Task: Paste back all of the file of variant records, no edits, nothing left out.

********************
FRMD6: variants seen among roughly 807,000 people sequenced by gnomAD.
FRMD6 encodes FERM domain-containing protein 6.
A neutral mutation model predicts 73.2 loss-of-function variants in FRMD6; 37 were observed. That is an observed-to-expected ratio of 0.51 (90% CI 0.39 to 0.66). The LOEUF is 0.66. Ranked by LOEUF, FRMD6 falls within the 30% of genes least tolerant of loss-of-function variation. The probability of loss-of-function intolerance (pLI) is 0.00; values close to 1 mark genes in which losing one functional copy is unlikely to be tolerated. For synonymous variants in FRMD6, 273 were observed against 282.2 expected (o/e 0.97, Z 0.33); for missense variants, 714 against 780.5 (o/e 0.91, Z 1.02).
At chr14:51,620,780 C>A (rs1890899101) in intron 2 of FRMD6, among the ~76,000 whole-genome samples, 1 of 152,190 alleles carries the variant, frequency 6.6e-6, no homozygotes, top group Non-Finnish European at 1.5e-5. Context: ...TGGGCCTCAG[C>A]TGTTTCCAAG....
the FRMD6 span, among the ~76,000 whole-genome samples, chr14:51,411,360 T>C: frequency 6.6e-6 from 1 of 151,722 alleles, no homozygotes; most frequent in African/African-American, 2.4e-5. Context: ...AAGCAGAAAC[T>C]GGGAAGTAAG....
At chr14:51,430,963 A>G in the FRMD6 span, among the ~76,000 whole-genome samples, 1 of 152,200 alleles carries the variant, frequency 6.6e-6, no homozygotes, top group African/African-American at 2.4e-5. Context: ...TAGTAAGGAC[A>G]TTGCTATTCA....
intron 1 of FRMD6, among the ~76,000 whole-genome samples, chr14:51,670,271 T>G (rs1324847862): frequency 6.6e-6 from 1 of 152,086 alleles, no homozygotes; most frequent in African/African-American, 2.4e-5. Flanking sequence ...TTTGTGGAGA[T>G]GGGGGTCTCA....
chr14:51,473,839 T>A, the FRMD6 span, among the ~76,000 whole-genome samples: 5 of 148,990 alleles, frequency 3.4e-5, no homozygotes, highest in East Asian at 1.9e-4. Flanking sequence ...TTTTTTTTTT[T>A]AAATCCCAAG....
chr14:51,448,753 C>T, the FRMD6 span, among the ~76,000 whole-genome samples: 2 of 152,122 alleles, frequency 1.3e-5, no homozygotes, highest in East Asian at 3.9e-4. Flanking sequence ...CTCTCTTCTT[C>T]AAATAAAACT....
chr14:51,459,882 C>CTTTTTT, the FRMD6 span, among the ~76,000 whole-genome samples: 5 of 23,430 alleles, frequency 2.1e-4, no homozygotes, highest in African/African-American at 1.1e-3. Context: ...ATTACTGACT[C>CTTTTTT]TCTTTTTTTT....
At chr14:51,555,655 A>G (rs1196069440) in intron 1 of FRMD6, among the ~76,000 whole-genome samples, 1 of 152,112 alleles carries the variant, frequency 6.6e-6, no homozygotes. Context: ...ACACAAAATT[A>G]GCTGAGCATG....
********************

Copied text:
FRMD6: variants seen among roughly 807,000 people sequenced by gnomAD.
FRMD6 encodes FERM domain-containing protein 6.
A neutral mutation model predicts 73.2 loss-of-function variants in FRMD6; 37 were observed. That is an observed-to-expected ratio of 0.51 (90% CI 0.39 to 0.66). The LOEUF is 0.66. Ranked by LOEUF, FRMD6 falls within the 30% of genes least tolerant of loss-of-function variation. The probability of loss-of-function intolerance (pLI) is 0.00; values close to 1 mark genes in which losing one functional copy is unlikely to be tolerated. For synonymous variants in FRMD6, 273 were observed against 282.2 expected (o/e 0.97, Z 0.33); for missense variants, 714 against 780.5 (o/e 0.91, Z 1.02).
At chr14:51,620,780 C>A (rs1890899101) in intron 2 of FRMD6, among the ~76,000 whole-genome samples, 1 of 152,190 alleles carries the variant, frequency 6.6e-6, no homozygotes, top group Non-Finnish European at 1.5e-5. Context: ...TGGGCCTCAG[C>A]TGTTTCCAAG....
the FRMD6 span, among the ~76,000 whole-genome samples, chr14:51,411,360 T>C: frequency 6.6e-6 from 1 of 151,722 alleles, no homozygotes; most frequent in African/African-American, 2.4e-5. Context: ...AAGCAGAAAC[T>C]GGGAAGTAAG....
At chr14:51,430,963 A>G in the FRMD6 span, among the ~76,000 whole-genome samples, 1 of 152,200 alleles carries the variant, frequency 6.6e-6, no homozygotes, top group African/African-American at 2.4e-5. Context: ...TAGTAAGGAC[A>G]TTGCTATTCA....
intron 1 of FRMD6, among the ~76,000 whole-genome samples, chr14:51,670,271 T>G (rs1324847862): frequency 6.6e-6 from 1 of 152,086 alleles, no homozygotes; most frequent in African/African-American, 2.4e-5. Flanking sequence ...TTTGTGGAGA[T>G]GGGGGTCTCA....
chr14:51,473,839 T>A, the FRMD6 span, among the ~76,000 whole-genome samples: 5 of 148,990 alleles, frequency 3.4e-5, no homozygotes, highest in East Asian at 1.9e-4. Flanking sequence ...TTTTTTTTTT[T>A]AAATCCCAAG....
chr14:51,448,753 C>T, the FRMD6 span, among the ~76,000 whole-genome samples: 2 of 152,122 alleles, frequency 1.3e-5, no homozygotes, highest in East Asian at 3.9e-4. Flanking sequence ...CTCTCTTCTT[C>T]AAATAAAACT....
chr14:51,459,882 C>CTTTTTT, the FRMD6 span, among the ~76,000 whole-genome samples: 5 of 23,430 alleles, frequency 2.1e-4, no homozygotes, highest in African/African-American at 1.1e-3. Context: ...ATTACTGACT[C>CTTTTTT]TCTTTTTTTT....
At chr14:51,555,655 A>G (rs1196069440) in intron 1 of FRMD6, among the ~76,000 whole-genome samples, 1 of 152,112 alleles carries the variant, frequency 6.6e-6, no homozygotes. Context: ...ACACAAAATT[A>G]GCTGAGCATG....